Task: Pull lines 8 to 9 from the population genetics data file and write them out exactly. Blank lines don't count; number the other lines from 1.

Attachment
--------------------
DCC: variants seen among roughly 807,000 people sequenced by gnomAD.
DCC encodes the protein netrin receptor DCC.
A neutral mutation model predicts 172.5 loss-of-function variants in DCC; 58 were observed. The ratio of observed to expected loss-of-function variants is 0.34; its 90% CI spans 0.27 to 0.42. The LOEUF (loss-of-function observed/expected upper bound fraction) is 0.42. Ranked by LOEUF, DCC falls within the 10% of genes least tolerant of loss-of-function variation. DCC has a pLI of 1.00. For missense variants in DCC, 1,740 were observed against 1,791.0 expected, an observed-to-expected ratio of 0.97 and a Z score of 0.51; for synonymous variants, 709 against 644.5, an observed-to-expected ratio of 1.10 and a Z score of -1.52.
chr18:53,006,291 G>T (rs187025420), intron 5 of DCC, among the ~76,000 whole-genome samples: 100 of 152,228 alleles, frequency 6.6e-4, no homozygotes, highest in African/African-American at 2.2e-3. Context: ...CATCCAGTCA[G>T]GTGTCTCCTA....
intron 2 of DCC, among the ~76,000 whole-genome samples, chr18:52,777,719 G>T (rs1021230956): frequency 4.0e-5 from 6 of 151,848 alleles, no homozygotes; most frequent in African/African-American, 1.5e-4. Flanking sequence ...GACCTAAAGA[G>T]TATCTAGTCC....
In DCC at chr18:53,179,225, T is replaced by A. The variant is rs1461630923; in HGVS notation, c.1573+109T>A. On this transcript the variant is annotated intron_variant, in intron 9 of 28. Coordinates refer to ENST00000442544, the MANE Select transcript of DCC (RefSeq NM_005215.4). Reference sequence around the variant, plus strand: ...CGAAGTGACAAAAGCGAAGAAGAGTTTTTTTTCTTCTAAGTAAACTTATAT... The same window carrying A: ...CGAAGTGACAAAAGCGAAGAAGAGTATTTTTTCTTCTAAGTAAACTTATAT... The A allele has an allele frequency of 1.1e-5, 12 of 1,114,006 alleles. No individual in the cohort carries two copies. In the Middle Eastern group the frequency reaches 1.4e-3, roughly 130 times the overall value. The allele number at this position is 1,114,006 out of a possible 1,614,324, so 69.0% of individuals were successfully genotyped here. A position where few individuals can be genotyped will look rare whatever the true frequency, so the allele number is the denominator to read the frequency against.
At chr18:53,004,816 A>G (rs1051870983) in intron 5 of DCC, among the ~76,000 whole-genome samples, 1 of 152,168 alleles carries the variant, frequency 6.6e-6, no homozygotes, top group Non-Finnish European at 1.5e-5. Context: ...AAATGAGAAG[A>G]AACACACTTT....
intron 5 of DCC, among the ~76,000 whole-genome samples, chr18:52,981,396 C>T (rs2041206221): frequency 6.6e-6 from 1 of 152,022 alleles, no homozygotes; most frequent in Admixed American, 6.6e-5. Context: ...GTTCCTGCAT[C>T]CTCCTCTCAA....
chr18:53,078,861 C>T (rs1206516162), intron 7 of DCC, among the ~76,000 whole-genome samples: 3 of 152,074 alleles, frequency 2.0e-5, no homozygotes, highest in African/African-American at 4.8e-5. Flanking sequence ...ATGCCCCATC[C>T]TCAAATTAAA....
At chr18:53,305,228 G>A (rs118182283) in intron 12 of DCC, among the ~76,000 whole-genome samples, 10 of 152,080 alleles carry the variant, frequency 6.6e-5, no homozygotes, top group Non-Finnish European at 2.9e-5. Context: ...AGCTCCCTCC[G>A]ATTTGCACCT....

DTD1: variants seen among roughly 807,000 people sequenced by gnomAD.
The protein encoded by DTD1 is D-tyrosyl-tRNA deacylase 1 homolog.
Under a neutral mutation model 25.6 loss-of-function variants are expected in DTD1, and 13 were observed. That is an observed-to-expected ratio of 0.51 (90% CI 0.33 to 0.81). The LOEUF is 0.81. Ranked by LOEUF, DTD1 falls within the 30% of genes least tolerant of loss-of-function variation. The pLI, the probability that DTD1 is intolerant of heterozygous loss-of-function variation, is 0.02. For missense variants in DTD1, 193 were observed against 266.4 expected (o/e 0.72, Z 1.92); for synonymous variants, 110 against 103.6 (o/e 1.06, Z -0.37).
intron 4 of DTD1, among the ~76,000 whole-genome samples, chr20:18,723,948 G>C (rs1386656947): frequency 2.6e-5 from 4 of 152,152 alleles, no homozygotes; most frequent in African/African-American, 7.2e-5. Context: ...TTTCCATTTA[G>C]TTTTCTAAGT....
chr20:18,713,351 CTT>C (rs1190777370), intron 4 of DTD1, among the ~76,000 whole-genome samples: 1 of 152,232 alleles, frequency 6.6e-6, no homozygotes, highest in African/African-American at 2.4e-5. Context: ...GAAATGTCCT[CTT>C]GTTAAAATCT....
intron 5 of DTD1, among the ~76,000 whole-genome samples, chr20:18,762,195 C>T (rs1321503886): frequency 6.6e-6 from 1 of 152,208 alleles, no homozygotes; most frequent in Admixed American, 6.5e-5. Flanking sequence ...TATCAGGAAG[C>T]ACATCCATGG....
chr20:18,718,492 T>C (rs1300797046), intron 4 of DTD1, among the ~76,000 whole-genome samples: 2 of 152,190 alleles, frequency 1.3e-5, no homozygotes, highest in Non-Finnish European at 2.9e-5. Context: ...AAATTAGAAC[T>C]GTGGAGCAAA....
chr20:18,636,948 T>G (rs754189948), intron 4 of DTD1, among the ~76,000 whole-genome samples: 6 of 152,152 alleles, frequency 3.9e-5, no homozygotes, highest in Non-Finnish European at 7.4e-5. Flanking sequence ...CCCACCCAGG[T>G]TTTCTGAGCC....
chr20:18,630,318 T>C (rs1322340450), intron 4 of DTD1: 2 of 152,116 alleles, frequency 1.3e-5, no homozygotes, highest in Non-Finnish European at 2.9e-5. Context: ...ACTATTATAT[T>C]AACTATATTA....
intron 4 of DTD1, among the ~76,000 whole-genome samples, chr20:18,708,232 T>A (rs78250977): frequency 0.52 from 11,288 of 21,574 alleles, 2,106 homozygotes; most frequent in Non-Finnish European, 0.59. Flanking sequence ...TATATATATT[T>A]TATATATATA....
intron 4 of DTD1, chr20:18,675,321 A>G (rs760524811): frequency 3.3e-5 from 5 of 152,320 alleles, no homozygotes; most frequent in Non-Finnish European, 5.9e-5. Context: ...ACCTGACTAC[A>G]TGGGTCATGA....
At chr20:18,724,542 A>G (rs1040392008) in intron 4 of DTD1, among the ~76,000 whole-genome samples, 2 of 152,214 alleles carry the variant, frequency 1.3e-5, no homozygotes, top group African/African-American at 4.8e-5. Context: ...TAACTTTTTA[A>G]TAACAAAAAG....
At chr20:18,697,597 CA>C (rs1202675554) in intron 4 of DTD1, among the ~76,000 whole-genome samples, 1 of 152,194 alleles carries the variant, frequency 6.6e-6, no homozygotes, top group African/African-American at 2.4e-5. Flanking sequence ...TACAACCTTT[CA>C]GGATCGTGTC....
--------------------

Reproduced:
intron 5 of DCC, among the ~76,000 whole-genome samples, chr18:52,981,396 C>T (rs2041206221): frequency 6.6e-6 from 1 of 152,022 alleles, no homozygotes; most frequent in Admixed American, 6.6e-5. Context: ...GTTCCTGCAT[C>T]CTCCTCTCAA....
chr18:53,078,861 C>T (rs1206516162), intron 7 of DCC, among the ~76,000 whole-genome samples: 3 of 152,074 alleles, frequency 2.0e-5, no homozygotes, highest in African/African-American at 4.8e-5. Flanking sequence ...ATGCCCCATC[C>T]TCAAATTAAA....